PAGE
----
First of all, the supply of building materials remains part of our core and traditional business. We wouldn’t have ventured into real estate development were it not for the construction materials we supply. Consequently, we attracted clients largely impressed by our business model and they requested that we handle construction for them. I have been around contractors long enough to know which ones to hire and after setting up, we invested and started handling construction tenders. We began with timber and expanded into other building construction materials. Today we supply everything from the tiniest nuts and bolts to the biggest beams – both metal and timber.
What’s your best business mantra?
It may sound cliché, but ‘work smart’ is my daily motto.
This starts with ensuring that nobody gets short-changed when dealing with me. If you treat people with dignity, they return it in kind. That way, you will be in business for a long time. Avoid the get-rich-quick temptation as you will end up losing business in the long run and ruin your reputation. I also ensure that my profit margins are not too high and keep my running costs low while maintaining a motivated staff.
Has working in a largely male dominated field been a big challenge?
Fortunately, we are living at a time when gender equality has really taken shape. I consider myself and all the other sisters out there donning helmets and reflector jackets and directing the construction of multi-million shilling projects as the face of the future. I also love challenges and will launch into the next project with zeal, especially if it is testing my limits. We have proved that a woman can do what a man can do. We have shown that a properly motivated woman working sincerely can succeed even where men have failed.
What don’t people know about you?
I am a risk taker. I take calculated risks and venture where others fear to go. So far, it has worked for my business judging by the growth we have been able to establish. I also have projections of where I want to be in the next decade. Keeping that as a goal, I work towards it and it keeps my focus fresh. Besides business, I cherish the networks that I have created. I’m also a spiritual person who prays a lot.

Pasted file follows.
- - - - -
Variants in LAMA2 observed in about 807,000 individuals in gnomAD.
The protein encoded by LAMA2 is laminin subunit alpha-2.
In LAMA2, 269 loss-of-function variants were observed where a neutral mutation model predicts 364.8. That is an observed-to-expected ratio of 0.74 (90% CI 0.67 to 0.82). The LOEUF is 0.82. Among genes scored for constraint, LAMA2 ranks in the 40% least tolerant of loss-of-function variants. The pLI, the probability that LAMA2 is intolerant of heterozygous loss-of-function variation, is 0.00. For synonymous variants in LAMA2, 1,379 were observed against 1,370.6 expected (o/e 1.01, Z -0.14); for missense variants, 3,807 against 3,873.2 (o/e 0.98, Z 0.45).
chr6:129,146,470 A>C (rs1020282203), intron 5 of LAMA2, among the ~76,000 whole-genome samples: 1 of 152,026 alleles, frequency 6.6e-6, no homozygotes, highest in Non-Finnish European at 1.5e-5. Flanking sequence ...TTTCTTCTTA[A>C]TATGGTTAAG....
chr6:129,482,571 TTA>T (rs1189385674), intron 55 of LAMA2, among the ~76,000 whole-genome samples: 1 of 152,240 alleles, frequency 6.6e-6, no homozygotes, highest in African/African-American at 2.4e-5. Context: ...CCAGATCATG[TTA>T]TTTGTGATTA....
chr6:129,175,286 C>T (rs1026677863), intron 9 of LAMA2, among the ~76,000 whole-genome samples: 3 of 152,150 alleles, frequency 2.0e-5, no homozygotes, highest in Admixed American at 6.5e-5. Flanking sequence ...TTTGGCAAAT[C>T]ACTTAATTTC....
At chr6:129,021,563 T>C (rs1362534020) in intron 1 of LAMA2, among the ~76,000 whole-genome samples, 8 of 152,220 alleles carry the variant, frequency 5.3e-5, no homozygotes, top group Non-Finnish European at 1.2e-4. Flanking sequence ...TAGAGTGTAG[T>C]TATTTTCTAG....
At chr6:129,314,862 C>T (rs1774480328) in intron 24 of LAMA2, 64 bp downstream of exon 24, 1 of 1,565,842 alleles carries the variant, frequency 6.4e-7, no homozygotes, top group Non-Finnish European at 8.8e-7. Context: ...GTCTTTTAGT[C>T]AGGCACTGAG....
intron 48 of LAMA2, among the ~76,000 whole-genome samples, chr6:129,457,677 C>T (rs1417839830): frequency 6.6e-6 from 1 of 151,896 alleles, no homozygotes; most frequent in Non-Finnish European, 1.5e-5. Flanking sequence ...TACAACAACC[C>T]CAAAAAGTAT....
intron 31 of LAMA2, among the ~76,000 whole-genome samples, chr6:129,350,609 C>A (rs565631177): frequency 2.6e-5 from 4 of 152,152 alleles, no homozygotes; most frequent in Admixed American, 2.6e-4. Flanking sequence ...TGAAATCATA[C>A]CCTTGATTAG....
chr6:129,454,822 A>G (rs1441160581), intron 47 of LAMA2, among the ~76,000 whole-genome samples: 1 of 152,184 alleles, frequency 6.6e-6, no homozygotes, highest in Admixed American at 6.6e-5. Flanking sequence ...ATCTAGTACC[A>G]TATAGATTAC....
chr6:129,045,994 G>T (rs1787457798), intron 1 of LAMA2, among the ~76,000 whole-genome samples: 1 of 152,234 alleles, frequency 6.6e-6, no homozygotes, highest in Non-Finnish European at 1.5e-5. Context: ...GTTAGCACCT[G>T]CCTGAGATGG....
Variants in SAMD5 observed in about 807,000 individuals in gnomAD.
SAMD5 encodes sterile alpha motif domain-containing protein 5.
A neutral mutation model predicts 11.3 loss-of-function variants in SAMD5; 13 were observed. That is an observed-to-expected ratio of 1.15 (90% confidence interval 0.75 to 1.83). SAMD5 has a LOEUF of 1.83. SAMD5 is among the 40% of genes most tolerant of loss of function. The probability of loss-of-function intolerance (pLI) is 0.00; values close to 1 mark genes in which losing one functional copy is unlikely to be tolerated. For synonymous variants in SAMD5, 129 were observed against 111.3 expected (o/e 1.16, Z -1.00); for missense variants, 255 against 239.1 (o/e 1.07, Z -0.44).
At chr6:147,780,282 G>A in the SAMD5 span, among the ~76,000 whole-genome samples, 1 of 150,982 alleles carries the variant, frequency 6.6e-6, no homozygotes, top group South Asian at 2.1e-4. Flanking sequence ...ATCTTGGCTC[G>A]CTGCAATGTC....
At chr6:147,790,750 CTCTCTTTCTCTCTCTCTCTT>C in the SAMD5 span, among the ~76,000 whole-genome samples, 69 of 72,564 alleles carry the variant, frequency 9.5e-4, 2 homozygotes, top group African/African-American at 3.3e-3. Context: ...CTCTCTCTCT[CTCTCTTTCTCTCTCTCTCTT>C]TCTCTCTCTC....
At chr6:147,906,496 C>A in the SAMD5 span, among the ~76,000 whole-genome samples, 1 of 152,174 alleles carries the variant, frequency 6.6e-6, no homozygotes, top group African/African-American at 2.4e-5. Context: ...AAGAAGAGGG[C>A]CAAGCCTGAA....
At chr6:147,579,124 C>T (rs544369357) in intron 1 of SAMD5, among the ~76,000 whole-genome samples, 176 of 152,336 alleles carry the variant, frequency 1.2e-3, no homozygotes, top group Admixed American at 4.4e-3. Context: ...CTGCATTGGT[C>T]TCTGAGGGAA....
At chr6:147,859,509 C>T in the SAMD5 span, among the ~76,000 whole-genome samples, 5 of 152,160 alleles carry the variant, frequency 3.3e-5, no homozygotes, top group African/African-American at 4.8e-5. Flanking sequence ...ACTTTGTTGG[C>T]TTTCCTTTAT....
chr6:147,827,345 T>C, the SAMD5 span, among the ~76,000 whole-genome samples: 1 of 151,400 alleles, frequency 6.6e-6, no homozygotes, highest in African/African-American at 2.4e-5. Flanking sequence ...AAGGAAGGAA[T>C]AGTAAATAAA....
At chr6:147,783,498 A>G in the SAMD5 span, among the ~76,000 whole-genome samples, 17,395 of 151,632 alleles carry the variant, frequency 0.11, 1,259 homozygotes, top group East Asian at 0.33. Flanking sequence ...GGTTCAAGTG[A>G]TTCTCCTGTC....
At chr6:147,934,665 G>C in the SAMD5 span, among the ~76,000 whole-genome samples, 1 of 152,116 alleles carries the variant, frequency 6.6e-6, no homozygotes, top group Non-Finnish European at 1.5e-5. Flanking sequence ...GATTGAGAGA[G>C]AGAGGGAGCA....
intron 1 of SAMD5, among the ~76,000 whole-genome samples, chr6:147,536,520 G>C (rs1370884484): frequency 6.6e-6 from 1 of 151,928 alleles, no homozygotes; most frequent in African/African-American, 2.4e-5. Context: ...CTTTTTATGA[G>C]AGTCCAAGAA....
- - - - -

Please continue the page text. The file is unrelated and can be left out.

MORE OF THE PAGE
What do you attribute your growth to?
Plowing back the profits and diversification. We started small and had no problem growing gradually and only investing after intense market research. Today, SUNG Timber is the parent company to Homes By Sung. You also have to have the patience to grow your business to the point where it begins making you money. However, a business can sometimes hardly make any profits even after constant heavy investment. Business isn’t for the faint hearted; one has to do proper due diligence and be persistent until things pick up.
Why did you decide to construct a house for Omosh?
We have been building houses for the less fortunate in our locality for over five years now. When Omosh came out looking for help, I gladly volunteered to gift him a new home. This is because I believe that once you give, you also encourage someone else to give.
Our kind gesture also saw people in my networks ask to be allowed to be part of the project.
EU plans one mobile charging port for all, in setback for Apple
SCI & TECH
- Empty plates as maize prices rise 80pc in drought-hit regions
- Islands where smuggling insulates Kenyans from inflation
SHIPPING & LOGISTICS
- Matatus in Nairobi to pay more in seasonal ticket fees from Saturday
- What it takes to own a decent house at minimal cost and time
- MPs reject Treasury’s plan for new fund to repay costly loans